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Default Re: Question: Do you lead the conversation at Dinner?

I'm fairly shy and hate to lead conversations. But if there's an awkward silence, I might ask leading questions like, "Have you cruised before?" "How are you enjoying it?" "Where are you from?" "What did you do today?" Those usually lead into interesting discussions.

All in all, though, I'd much rather have a table for 2, just my hubby and me.

Cheers,
Michelle P.

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Old May 18th, 2004, 11:01 AM
cruisinKandJ.
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Default Re: Question: Do you lead the conversation at Dinner?

I much prefer a table for two, as well. Although on the QE2, we had four wonderful table mates. Two of them left because they wanted a window table, but two nights later, they came back to ours. Doesn't usually work that successfully, though.

J.
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Old May 18th, 2004, 01:09 PM
venice
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Default Re: Question: Do you lead the conversation at Dinner?

good question..I've been very lucky always have lucked out with great tablemates, don't know whether it's the luck of the draw or great job by the dining staff in assigning tables..my experience has shown that if your tablemates are repeat cruisers no problem..but I would suspect in todays cruising dining options..you can elect "pc" and not be worried about who sits at your assigned table, so it leads me to believe, the folks that select tradtional dining do so because of the willingness to interact with their table mates and enjoy that great experience
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Old May 18th, 2004, 01:25 PM
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Default Re: Question: Do you lead the conversation at Dinner?

We have been on many cruises and really enjoy sharing our table with others. We have only had one cruise where our tablemates were past useless when it came to maintaining a conversation (and four of them were lawyers). Almost every subject we brought up was answered with a one line response and then the conversation died. We felt like it was a job trying to keep up a conversation with them. In retrospect, I almost wish we had changed tables.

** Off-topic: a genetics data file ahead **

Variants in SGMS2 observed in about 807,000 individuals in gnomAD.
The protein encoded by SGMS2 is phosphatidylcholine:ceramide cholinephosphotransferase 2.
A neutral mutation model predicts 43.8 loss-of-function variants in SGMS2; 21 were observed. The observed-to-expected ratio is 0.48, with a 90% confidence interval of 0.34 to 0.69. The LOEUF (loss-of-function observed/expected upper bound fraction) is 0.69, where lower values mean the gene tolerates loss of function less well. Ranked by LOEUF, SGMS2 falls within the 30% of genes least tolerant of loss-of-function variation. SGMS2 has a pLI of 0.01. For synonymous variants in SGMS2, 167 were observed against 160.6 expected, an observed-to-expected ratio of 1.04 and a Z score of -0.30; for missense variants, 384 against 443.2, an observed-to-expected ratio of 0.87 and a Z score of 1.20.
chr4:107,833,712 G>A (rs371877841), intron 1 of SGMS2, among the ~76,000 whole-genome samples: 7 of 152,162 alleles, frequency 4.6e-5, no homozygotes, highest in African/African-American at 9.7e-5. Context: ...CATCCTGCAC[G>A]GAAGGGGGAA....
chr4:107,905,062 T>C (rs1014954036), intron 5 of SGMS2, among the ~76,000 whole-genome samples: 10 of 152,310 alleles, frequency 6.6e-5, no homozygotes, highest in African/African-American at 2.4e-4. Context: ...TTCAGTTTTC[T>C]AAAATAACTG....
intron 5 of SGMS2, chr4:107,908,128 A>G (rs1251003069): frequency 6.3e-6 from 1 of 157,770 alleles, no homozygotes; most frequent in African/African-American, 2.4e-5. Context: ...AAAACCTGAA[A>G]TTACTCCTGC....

I find the best way to start a conversation is to ask where someone is from.

No - no topics are politics and religion and there is not much interest in conversations about people's jobs - past or present. I think everyone wants to put that topic on hold during vacation.

Conversations about the port just visited and tours taken also seem to work well.

It also helps if you are not seated with a group that is related to each other in some way - conversations will flow between them but you will probably feel left out.

I have also found that some cruise lines do a better job of coordinating guests for table seating - particulary Carnival. We are generally seated with people with something in common (age, marital status, geographic location, nationality, etc.)
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Old May 18th, 2004, 02:53 PM
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Default Re: Question: Do you lead the conversation at Dinner?

OH MAnnnnn...me and Jason have got to share a table sometime..they would hire us to go on stage..I just know it...besides..I hate it when people talk while I am trying to interrupt......

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Old May 18th, 2004, 03:45 PM
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Default Re: Question: Do you lead the conversation at Dinner?

I am a pushy loudmouth (although I try to be polite). My SO is also very gregarious. We both have jobs that involve some degree of sales & attend a lot of networking events. Over the years between the 2 of us we've "learned" to pull people out of their shells & taking the "laboring oar" in any conversation is not really work for us -- wresting control from others can be -- j/k. I could just see the sparks fly & the laughter tears roll w/ us, bigjohn461& Jason. By the same token, I think we're savvy enough to tell when people just want to be left alone.